Figure US07253306-20070807-C00168
Figure US07253306-20070807-C00169
Figure US07253306-20070807-C00170
Figure US07253306-20070807-C00171
Figure US07253306-20070807-C00172
Figure US07253306-20070807-C00173
Figure US07253306-20070807-C00174
Figure US07253306-20070807-C00175
Figure US07253306-20070807-C00176
Figure US07253306-20070807-C00177
Figure US07253306-20070807-C00178
Figure US07253306-20070807-C00179
Figure US07253306-20070807-C00180
Figure US07253306-20070807-C00181
Figure US07253306-20070807-C00182
Figure US07253306-20070807-C00183
Figure US07253306-20070807-C00184
Figure US07253306-20070807-C00185
Figure US07253306-20070807-C00186
Figure US07253306-20070807-C00187
Figure US07253306-20070807-C00188

Structure/
Name of Compound
Figure US07253306-20070807-C00189
Figure US07253306-20070807-C00190
Figure US07253306-20070807-C00191
Figure US07253306-20070807-C00192
Figure US07253306-20070807-C00193
Figure US07253306-20070807-C00194
Figure US07253306-20070807-C00195
Figure US07253306-20070807-C00196
Figure US07253306-20070807-C00197
Figure US07253306-20070807-C00198
Figure US07253306-20070807-C00199
Figure US07253306-20070807-C00200
Figure US07253306-20070807-C00201
Figure US07253306-20070807-C00202
Figure US07253306-20070807-C00203
Figure US07253306-20070807-C00204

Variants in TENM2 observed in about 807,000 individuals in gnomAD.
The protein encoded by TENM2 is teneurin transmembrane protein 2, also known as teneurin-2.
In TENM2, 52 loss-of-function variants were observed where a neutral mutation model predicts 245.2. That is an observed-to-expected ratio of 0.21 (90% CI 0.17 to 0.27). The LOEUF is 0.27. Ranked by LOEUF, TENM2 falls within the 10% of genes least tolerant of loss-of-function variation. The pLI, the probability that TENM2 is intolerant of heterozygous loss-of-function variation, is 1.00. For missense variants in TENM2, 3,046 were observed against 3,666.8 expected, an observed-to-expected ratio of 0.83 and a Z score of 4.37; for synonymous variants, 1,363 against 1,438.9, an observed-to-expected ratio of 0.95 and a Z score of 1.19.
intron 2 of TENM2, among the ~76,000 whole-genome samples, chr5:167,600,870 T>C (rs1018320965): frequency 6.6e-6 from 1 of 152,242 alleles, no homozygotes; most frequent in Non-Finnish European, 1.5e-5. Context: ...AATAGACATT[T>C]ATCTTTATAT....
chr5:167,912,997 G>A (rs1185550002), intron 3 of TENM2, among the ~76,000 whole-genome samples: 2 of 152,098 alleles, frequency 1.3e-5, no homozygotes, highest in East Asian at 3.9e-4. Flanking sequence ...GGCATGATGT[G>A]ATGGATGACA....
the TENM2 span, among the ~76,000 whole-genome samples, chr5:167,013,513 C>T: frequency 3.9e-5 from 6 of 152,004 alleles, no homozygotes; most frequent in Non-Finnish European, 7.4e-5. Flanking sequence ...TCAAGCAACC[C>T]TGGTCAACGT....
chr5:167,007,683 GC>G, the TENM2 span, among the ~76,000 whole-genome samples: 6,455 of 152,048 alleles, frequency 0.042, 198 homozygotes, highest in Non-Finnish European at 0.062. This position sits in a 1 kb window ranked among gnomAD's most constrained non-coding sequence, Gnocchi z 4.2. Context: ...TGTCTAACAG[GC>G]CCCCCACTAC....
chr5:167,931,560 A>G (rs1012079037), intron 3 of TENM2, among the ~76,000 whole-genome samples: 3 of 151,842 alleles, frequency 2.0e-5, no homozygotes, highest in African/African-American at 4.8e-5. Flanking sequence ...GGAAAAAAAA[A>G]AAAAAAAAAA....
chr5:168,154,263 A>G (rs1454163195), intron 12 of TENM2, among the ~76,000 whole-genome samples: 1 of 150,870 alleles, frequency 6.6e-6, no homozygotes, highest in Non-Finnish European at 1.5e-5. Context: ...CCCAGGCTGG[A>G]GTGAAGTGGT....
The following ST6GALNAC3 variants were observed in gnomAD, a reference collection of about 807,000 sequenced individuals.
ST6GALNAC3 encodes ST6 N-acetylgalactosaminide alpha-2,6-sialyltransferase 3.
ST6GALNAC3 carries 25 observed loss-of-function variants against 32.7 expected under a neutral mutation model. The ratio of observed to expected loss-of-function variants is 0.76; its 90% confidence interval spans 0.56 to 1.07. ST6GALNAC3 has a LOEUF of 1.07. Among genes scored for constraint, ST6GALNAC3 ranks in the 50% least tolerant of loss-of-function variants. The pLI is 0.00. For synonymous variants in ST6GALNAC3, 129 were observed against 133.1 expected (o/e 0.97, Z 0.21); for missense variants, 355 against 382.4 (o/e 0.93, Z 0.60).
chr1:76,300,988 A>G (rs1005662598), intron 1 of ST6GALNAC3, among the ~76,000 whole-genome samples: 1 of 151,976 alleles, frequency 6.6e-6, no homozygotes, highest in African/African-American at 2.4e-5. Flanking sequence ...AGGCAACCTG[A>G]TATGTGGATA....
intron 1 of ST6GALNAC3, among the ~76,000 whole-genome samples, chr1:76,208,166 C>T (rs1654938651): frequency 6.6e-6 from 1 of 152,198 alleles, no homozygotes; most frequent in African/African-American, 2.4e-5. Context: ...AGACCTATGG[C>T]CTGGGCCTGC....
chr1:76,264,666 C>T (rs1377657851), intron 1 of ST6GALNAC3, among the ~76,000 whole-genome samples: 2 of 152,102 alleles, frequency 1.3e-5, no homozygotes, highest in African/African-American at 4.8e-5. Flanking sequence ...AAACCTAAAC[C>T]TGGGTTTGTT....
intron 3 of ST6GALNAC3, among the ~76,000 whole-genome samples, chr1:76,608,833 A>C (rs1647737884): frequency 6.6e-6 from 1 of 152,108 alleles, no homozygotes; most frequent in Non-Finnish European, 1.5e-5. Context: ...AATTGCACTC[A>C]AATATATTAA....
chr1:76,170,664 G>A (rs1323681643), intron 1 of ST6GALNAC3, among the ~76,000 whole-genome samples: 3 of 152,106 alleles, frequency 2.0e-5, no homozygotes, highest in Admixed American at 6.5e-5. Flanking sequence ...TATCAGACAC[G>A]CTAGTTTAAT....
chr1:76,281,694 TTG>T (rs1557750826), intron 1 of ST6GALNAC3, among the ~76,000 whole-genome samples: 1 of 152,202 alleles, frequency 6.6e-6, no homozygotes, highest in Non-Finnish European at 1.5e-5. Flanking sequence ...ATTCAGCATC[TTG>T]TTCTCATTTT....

Figure US07253306-20070807-C00205
Figure US07253306-20070807-C00206
Figure US07253306-20070807-C00207
Figure US07253306-20070807-C00208
Figure US07253306-20070807-C00209
Figure US07253306-20070807-C00210
Figure US07253306-20070807-C00211
Figure US07253306-20070807-C00212
Figure US07253306-20070807-C00213
Figure US07253306-20070807-C00214
Figure US07253306-20070807-C00215
Figure US07253306-20070807-C00216
Figure US07253306-20070807-C00217
Figure US07253306-20070807-C00218
Figure US07253306-20070807-C00219
Figure US07253306-20070807-C00220
Figure US07253306-20070807-C00221
Figure US07253306-20070807-C00222
Figure US07253306-20070807-C00223
Figure US07253306-20070807-C00224
Figure US07253306-20070807-C00225
Figure US07253306-20070807-C00226
Figure US07253306-20070807-C00227
Figure US07253306-20070807-C00228
Figure US07253306-20070807-C00229
Figure US07253306-20070807-C00230
Figure US07253306-20070807-C00231
Figure US07253306-20070807-C00232